Tinnitus: So far, these haven’t aggravated my tinnitus at all. That may not be the case for you, but I certainly think they are better for my hearing.

The Bad

They Tickle: There is a weird tickle from the vibrations where these headphones contact your head just in front of the ears. It’s really kind of weird and is going to take some getting used to. The more I wear them, the more I seem to be getting used to it, but for some people, it may be a turn off.

The Buttons: The button locations are not very intuitive. I imagine I’ll get used to them, but for now I’m having a hard time finding the volume up and down buttons while these are on my head.

As you can see, the good certainly outweighs the bad. I have yet to test out the battery life on a really long run, but if they come in close to they advertised 6 hour battery life, they’ll be golden! I really love these headphones and am glad I bought them. My only regret may be not buying the more expensive model … if they’re even better than the ones I bought, I’m sure they’re great!

If you’re on the fence about these, I would highly recommend you pick them up. I’ve gone through several pairs of headphones over the years and have used many different makes and models – the Aftershokz have quickly become my favorite.

Disclaimor: I was not compensated in any way for this review. I actually use and like these headphones. 

My Goal to #Run50

Yesterday I turned 49 years old. I feel blessed to have done so. I once had a doctor tell me I would be lucky to turn 30 if I didn’t get my diet and obesity under control. I was a young man then with a newborn baby. Since that time, I have lost significant amounts of weight and unfortunately gained significant amounts on multiple occasions. Most recently, I’ve dropped in excess of 100 lbs and maintained it, for the most part, for the last two years. I could still lose some more weight, but I have managed to get off my diabetes and blood pressure meds. For that, I am grateful, because I recognize it as pure grace. There are plenty of people out there in similar situations who are losing their battles with obesity and diabetes. They would give anything to trade places with me and go for a run; even at my slow speed.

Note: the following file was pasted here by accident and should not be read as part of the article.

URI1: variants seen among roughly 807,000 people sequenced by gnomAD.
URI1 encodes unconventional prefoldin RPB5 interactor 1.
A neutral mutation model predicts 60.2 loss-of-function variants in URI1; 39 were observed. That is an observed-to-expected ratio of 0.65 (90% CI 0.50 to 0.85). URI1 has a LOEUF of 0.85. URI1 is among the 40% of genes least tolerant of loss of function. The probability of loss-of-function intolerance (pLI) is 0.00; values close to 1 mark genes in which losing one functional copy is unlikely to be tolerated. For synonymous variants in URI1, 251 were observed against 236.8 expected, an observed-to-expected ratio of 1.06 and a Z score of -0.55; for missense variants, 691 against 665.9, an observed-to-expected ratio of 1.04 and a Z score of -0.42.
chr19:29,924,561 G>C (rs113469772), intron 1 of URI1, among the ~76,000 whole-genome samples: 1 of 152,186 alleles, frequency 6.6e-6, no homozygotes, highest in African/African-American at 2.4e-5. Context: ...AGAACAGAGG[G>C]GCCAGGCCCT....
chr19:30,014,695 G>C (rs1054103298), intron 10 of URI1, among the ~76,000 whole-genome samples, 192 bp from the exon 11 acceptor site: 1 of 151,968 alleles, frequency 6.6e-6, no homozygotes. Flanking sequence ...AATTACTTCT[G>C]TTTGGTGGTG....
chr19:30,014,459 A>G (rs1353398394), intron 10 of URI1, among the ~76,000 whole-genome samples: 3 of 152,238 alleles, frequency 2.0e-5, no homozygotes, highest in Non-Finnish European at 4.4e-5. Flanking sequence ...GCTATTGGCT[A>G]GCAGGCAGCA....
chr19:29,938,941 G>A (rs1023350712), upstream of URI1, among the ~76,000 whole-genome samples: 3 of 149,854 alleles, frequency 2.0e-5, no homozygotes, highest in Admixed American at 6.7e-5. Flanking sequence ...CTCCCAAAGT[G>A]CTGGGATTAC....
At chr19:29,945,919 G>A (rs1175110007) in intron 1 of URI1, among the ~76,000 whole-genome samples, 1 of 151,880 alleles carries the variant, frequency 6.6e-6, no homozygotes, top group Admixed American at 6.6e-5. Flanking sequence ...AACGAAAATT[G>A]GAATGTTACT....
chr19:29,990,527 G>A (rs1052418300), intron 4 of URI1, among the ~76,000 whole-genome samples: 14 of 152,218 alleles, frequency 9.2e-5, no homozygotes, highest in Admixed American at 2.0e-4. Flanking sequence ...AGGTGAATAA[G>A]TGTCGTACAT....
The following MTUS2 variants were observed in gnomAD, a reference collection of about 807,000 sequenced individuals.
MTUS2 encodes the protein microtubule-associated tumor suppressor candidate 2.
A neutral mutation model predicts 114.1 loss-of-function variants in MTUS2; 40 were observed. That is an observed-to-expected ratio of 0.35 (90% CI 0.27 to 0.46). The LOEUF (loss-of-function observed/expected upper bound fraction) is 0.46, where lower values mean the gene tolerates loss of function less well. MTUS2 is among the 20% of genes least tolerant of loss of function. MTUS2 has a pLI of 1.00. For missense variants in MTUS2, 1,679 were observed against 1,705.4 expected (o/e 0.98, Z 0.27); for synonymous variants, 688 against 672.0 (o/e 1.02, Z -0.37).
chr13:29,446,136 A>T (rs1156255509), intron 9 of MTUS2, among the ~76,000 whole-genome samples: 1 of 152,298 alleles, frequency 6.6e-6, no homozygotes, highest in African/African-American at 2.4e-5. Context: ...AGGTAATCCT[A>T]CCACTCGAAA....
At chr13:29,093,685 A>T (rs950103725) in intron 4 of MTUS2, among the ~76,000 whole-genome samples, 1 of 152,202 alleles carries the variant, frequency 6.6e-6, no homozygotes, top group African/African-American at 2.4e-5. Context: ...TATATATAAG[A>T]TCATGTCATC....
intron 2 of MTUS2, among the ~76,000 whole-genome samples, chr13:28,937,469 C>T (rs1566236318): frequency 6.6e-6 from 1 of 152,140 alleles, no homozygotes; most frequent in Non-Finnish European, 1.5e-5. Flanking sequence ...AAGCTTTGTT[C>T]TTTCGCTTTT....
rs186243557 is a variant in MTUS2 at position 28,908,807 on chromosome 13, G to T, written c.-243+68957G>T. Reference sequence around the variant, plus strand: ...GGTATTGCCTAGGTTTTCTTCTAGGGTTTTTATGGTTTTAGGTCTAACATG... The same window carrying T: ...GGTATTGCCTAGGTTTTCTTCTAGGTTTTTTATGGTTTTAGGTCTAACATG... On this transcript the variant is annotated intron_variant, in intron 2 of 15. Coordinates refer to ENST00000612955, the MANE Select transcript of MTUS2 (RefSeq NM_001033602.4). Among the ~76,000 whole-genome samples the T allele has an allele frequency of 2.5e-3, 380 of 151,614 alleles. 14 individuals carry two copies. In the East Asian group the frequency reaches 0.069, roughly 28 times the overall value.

Even so, I live in fear of failing. Of giving up. I fear I will gain my weight back and sacrifice my health and new found fitness for food and gluttony.

My mind is constantly working out this tension. The desire to become more healthy and conquer my weight issues verses my desire to indulge in pizza, chips, and snacks. As such, I have formulated a plan to keep me inspired over the next year. A plan to run a 50k at 50 years old. My plan to #Run50.

My longest distance thus far has been a 20k ran through the hills of Hocking Hills State Park in Logan, Ohio. It’s a run that I will be repeating in September. It almost beat me last year. I bonked after mile 9 and struggled to finish … so I recognize I have a long way to go if I want to run a 50k. My goal is to structure my next year of training to enable me to run a 50k ultra at 50 years of age. In doing so, I’m going to do my best to lose as close to 50 more pounds as I can.

I want to do this for me. I want to do this for those who can’t do it. I want to do this to honor God who has blessed me with life. I hope you’ll follow along and help me accomplish my goal.

Things I Would Endorse if People Cared That I Endorsed Things: Orange Mud Endurance Pack 2.0

IMG-0004As a bigger runner that’s firmly entrenched as a clydesdale (I’m 6’2″ and weigh in at over 250 lbs) I have been on the look out for quite awhile for a hydration pack that fits me comfortably. I’ve been searching for a replacement for the cheap pack I found on eBay that fit, but left me struggling to breathe.